Bitcoin startup Circle scoops up $50 million in funding

Circle founder Jeremy Allaire (photo by Globe staff / David L. Ryan)
Circle founder Jeremy Allaire (photo by Globe staff / David L. Ryan)

Boston-based bitcoin startup Circle Internet Financial is moving closer to its goal of a world where sending money costs the same as sending e-mail — nothing.

Circle just landed $50 million in venture funding from investors that include Goldman Sachs and IDG Capital Partners of China. In addition, Circle will now allow users to deposit US dollars in their accounts as well as bitcoins, the volatile computer-generated “cryptocurrency.” Circle subscribers can now transmit both dollars and bitcoins to each other anywhere in the world at no charge.

“We fundamentally believe that sending and receiving money should be free,” said Circle co-founder and president Sean Neville. “There should not be a business model that fundamentally charges a tax for sending money across the Internet.”

After an early burst of excitement that sent the value of bitcoin soaring above $1,000, the digital currency has fallen into a slump. As of Thursday afternoon, a single bitcoin was worth about $234. But to Circle, bitcoin is mainly valuable as a way of transmitting money instantly to any point on earth at virtually no cost.

People with Circle accounts can already buy and transmit bitcoins, but few individuals or businesses want them. But thanks to a deal with Silicon Valley Bank, Circle users can now deposit US dollars in their account. When a user makes a money transfer, the dollars are instantly converted to the equivalent value in bitcoins. These are sent to the recipient’s account, where they’re instantly reconverted to dollars. The new features will be rolled out gradually to users over the next few weeks.

PayPal and similar services can automatically obtain dollars from a user’s credit card, or from an account at a traditional bank.  Circle can’t do this; users must deposit dollars in a Circle account.  If the account runs low, the Circle user gets a notification urging him to top it up.

For now, each party to the transaction must have a free Circle account. But other financial services companies will be able to interact with the Circle network. And the service will eventually expand to other currencies, such as euros or Japanese yen. For instance, a Circle user will be able to send dollars to a friend in Japan who would use his own bank’s Internet application to receive the money in his local currency.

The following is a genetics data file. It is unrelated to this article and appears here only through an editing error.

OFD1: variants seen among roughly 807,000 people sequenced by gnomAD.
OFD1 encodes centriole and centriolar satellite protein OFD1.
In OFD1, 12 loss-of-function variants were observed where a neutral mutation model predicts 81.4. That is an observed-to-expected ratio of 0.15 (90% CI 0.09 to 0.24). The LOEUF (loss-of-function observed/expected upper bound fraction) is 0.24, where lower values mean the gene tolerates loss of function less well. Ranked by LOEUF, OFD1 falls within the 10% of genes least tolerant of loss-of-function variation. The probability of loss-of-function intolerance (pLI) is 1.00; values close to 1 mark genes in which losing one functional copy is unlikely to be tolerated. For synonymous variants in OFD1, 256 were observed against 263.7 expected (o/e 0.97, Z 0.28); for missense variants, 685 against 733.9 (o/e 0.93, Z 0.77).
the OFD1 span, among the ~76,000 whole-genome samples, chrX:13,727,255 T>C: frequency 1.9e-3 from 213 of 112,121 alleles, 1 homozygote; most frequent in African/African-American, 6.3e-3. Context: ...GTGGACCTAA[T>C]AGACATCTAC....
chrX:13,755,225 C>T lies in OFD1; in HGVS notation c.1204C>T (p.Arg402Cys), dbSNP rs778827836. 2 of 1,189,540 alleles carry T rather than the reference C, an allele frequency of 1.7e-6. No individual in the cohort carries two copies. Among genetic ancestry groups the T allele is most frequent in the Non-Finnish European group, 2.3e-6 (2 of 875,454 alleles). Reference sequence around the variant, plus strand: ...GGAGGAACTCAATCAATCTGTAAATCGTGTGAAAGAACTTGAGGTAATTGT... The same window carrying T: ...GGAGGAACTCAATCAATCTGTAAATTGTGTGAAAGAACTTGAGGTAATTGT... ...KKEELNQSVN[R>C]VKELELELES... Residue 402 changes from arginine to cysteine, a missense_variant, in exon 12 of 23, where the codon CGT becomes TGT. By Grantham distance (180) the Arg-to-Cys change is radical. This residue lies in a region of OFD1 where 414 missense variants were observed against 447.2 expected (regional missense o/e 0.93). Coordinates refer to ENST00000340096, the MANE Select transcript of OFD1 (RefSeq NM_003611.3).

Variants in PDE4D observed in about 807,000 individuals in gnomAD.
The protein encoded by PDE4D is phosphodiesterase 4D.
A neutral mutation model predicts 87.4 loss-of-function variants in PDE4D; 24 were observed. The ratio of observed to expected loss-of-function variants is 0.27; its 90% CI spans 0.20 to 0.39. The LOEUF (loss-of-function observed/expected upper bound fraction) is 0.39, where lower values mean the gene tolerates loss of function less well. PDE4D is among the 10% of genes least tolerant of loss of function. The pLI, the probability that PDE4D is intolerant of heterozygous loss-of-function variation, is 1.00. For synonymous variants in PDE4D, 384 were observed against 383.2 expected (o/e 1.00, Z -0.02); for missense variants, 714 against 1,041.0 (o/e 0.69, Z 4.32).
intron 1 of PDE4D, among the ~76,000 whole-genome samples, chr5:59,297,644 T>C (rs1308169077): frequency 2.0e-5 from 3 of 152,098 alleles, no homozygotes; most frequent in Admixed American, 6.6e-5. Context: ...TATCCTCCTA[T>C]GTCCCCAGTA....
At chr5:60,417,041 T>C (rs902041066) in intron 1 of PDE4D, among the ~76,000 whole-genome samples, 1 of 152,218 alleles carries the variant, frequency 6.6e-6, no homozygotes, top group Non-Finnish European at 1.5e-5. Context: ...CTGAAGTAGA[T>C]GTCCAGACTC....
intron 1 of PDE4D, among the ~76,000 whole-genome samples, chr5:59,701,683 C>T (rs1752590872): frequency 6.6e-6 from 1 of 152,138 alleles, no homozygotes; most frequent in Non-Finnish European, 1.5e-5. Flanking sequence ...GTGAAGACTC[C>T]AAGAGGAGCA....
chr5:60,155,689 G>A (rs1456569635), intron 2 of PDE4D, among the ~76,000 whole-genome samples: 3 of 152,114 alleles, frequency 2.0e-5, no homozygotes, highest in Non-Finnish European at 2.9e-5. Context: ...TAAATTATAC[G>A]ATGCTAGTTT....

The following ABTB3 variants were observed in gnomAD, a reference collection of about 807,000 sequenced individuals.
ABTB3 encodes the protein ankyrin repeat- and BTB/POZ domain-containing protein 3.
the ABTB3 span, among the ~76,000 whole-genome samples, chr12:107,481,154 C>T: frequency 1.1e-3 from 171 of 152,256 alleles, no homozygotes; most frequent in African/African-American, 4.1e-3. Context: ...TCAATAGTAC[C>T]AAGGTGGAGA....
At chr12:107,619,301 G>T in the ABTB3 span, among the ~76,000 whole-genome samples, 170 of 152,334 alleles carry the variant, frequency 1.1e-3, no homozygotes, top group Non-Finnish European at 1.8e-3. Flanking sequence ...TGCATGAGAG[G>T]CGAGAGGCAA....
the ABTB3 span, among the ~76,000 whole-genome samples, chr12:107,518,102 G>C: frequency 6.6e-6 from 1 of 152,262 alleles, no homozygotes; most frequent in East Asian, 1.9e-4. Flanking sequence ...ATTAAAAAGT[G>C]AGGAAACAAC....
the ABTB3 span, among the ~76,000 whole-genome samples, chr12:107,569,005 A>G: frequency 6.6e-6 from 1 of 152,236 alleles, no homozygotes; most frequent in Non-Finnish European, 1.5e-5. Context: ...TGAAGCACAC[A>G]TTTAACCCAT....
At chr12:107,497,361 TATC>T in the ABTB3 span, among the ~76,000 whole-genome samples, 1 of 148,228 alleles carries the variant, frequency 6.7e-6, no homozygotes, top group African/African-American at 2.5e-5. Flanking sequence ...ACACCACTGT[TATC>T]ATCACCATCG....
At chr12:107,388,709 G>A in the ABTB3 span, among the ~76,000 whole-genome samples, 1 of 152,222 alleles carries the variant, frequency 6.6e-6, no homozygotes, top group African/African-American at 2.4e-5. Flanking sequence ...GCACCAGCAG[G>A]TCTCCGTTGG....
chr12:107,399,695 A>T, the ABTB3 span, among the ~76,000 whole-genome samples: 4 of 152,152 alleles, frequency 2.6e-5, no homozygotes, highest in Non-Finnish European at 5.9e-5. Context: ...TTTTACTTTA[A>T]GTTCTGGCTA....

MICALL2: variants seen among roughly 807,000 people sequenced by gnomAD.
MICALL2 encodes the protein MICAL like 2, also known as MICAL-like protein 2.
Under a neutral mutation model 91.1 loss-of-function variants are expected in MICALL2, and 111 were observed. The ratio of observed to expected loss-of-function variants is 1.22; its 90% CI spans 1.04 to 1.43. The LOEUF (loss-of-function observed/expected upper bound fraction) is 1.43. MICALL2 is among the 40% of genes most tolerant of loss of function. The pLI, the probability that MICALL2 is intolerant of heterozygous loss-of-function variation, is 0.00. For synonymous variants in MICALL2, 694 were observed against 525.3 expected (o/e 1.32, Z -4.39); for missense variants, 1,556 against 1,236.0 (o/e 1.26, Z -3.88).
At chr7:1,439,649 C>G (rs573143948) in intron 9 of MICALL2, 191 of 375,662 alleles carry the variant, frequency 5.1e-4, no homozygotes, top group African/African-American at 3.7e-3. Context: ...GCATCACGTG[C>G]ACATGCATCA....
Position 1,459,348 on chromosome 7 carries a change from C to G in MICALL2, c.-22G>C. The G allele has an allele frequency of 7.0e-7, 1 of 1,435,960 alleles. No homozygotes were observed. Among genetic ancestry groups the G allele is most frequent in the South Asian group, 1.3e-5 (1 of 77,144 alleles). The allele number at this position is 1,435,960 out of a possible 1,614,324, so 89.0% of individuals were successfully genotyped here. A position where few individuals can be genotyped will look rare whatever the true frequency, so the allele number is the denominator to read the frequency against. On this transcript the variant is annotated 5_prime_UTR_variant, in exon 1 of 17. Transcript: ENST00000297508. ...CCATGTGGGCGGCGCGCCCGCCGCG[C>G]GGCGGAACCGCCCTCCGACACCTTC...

Circle co-founder Jeremy Allaire wouldn’t spell out his company’s plan for turning a profit. “We’re not making money right now, and we’re not focused on making money right now,” he said. For now, Circle hopes to build up a critical mass of users, and worry later about how to profit from them.

Mike Jude, who tracks the bitcoin industry for research firm Frost & Sullivan, said that if enough people park US dollar accounts at Circle, the company could generate revenue by investing the cash.

Jude also said that Circle’s business model could disrupt the market for international money transfers. Companies like PayPal, and Google, and Venmo already make it possible for Americans to swap cash free of charge. But nobody now offers a cheap way to send money abroad. If Circle can form partnerships with foreign banks, it could mean big problems for companies like Western Union, which charge substantial fees for global money transfers.

“The horizon is about five years out before this kind of thing becomes generally available,” said Jude. “We do think it’s going to happen, though.”

Hiawatha Bray is a technology reporter for the Boston Globe. E-mail him at h_bray@globe.com.
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